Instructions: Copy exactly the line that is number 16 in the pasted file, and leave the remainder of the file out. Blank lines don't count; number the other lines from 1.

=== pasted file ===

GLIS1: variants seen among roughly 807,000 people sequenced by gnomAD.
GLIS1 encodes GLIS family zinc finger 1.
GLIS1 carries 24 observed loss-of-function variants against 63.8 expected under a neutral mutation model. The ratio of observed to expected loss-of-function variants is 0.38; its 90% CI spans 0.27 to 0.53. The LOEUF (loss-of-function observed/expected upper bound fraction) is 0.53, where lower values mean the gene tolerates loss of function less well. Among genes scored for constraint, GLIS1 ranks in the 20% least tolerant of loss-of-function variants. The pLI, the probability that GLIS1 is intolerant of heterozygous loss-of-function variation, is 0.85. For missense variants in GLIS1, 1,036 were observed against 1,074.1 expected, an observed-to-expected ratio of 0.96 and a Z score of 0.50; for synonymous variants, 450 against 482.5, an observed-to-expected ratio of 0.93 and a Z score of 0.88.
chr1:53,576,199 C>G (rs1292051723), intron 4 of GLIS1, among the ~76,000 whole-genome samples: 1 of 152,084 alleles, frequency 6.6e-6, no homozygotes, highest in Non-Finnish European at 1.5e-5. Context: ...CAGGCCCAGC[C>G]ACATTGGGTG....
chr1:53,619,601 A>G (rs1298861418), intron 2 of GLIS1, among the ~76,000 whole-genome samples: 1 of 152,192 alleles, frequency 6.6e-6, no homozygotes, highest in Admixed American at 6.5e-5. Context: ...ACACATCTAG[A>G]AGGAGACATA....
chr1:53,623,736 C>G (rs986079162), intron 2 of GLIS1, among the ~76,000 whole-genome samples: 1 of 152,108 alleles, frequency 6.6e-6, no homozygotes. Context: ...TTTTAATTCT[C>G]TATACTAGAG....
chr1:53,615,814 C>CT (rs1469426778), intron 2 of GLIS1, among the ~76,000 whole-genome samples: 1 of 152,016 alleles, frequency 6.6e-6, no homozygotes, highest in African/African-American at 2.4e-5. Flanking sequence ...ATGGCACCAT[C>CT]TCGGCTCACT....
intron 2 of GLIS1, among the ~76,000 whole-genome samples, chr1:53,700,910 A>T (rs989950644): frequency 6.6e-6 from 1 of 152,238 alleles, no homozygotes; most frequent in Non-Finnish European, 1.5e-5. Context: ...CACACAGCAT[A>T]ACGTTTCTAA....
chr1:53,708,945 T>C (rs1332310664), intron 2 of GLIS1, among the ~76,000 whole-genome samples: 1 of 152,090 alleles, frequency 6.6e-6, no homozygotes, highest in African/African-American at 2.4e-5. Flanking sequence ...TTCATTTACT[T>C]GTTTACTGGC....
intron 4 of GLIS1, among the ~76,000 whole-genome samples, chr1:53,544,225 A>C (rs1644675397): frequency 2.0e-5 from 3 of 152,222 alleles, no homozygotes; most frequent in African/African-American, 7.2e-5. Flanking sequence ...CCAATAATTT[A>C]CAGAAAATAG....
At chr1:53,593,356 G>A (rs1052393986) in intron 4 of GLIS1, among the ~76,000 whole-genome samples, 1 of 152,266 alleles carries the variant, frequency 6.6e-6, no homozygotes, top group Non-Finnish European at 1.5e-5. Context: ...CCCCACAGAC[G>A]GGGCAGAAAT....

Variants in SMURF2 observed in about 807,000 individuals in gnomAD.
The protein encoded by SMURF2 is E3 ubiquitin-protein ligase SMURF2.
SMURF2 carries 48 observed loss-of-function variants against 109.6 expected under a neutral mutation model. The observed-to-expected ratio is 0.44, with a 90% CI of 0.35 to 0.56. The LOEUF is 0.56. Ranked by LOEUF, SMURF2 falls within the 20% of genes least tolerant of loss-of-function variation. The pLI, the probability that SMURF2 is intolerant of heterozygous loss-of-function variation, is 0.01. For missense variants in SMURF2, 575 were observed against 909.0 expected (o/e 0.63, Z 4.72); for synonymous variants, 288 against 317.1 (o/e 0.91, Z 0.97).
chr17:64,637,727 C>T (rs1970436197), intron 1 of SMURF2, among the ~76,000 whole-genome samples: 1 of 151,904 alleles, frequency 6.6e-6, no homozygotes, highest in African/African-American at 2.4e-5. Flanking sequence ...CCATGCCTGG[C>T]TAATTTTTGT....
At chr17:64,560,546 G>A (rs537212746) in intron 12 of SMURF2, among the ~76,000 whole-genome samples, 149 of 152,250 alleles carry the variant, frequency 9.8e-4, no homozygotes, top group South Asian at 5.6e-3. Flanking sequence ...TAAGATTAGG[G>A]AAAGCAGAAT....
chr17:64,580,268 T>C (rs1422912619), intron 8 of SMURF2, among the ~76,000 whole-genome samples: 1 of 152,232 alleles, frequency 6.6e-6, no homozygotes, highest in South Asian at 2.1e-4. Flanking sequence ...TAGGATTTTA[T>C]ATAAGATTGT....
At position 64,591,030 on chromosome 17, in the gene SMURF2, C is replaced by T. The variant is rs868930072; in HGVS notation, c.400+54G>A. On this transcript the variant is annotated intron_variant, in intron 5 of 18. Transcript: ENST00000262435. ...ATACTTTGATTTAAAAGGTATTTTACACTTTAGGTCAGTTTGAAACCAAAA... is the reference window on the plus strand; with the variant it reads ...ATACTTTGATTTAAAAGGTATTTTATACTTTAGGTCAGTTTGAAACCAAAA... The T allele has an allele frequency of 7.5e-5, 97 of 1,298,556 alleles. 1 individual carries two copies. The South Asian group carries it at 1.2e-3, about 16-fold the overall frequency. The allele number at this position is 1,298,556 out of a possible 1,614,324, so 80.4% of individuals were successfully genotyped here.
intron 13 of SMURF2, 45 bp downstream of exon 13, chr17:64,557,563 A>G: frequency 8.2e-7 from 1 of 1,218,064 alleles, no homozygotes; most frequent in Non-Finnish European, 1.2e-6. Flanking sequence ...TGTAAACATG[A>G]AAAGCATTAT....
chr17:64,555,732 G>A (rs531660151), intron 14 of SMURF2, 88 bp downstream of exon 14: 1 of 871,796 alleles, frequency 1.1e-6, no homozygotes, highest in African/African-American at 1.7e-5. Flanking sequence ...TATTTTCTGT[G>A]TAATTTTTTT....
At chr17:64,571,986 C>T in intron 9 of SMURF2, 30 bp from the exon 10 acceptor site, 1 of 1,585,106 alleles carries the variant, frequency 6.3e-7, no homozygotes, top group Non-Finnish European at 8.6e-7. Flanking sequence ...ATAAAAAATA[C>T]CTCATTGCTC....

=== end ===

At chr17:64,560,546 G>A (rs537212746) in intron 12 of SMURF2, among the ~76,000 whole-genome samples, 149 of 152,250 alleles carry the variant, frequency 9.8e-4, no homozygotes, top group South Asian at 5.6e-3. Flanking sequence ...TAAGATTAGG[G>A]AAAGCAGAAT....